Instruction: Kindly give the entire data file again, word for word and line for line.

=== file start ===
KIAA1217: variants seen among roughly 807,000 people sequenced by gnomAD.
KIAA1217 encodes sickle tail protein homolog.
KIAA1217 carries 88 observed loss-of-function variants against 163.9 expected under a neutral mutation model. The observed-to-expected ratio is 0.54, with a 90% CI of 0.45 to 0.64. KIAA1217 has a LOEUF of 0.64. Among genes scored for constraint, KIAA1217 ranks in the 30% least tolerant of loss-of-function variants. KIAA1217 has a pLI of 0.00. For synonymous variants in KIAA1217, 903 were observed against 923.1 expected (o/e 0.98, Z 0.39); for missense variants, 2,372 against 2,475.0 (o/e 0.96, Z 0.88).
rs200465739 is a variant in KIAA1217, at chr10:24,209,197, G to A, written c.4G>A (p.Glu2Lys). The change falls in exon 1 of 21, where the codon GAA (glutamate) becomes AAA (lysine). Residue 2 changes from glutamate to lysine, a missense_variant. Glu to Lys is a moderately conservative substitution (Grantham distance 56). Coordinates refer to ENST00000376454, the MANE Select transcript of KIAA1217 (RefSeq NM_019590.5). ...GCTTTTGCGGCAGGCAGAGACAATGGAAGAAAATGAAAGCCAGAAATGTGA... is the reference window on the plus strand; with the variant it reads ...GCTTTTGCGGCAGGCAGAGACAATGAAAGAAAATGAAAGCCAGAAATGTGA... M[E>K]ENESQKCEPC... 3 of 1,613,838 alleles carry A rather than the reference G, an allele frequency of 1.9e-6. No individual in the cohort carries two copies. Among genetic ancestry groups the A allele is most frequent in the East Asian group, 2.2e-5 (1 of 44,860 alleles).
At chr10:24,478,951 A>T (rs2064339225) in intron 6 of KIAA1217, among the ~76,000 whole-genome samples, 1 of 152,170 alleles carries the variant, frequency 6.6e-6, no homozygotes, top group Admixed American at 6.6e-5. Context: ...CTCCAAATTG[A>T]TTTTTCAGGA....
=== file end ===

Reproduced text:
KIAA1217: variants seen among roughly 807,000 people sequenced by gnomAD.
KIAA1217 encodes sickle tail protein homolog.
KIAA1217 carries 88 observed loss-of-function variants against 163.9 expected under a neutral mutation model. The observed-to-expected ratio is 0.54, with a 90% CI of 0.45 to 0.64. KIAA1217 has a LOEUF of 0.64. Among genes scored for constraint, KIAA1217 ranks in the 30% least tolerant of loss-of-function variants. KIAA1217 has a pLI of 0.00. For synonymous variants in KIAA1217, 903 were observed against 923.1 expected (o/e 0.98, Z 0.39); for missense variants, 2,372 against 2,475.0 (o/e 0.96, Z 0.88).
rs200465739 is a variant in KIAA1217, at chr10:24,209,197, G to A, written c.4G>A (p.Glu2Lys). The change falls in exon 1 of 21, where the codon GAA (glutamate) becomes AAA (lysine). Residue 2 changes from glutamate to lysine, a missense_variant. Glu to Lys is a moderately conservative substitution (Grantham distance 56). Coordinates refer to ENST00000376454, the MANE Select transcript of KIAA1217 (RefSeq NM_019590.5). ...GCTTTTGCGGCAGGCAGAGACAATGGAAGAAAATGAAAGCCAGAAATGTGA... is the reference window on the plus strand; with the variant it reads ...GCTTTTGCGGCAGGCAGAGACAATGAAAGAAAATGAAAGCCAGAAATGTGA... M[E>K]ENESQKCEPC... 3 of 1,613,838 alleles carry A rather than the reference G, an allele frequency of 1.9e-6. No individual in the cohort carries two copies. Among genetic ancestry groups the A allele is most frequent in the East Asian group, 2.2e-5 (1 of 44,860 alleles).
At chr10:24,478,951 A>T (rs2064339225) in intron 6 of KIAA1217, among the ~76,000 whole-genome samples, 1 of 152,170 alleles carries the variant, frequency 6.6e-6, no homozygotes, top group Admixed American at 6.6e-5. Context: ...CTCCAAATTG[A>T]TTTTTCAGGA....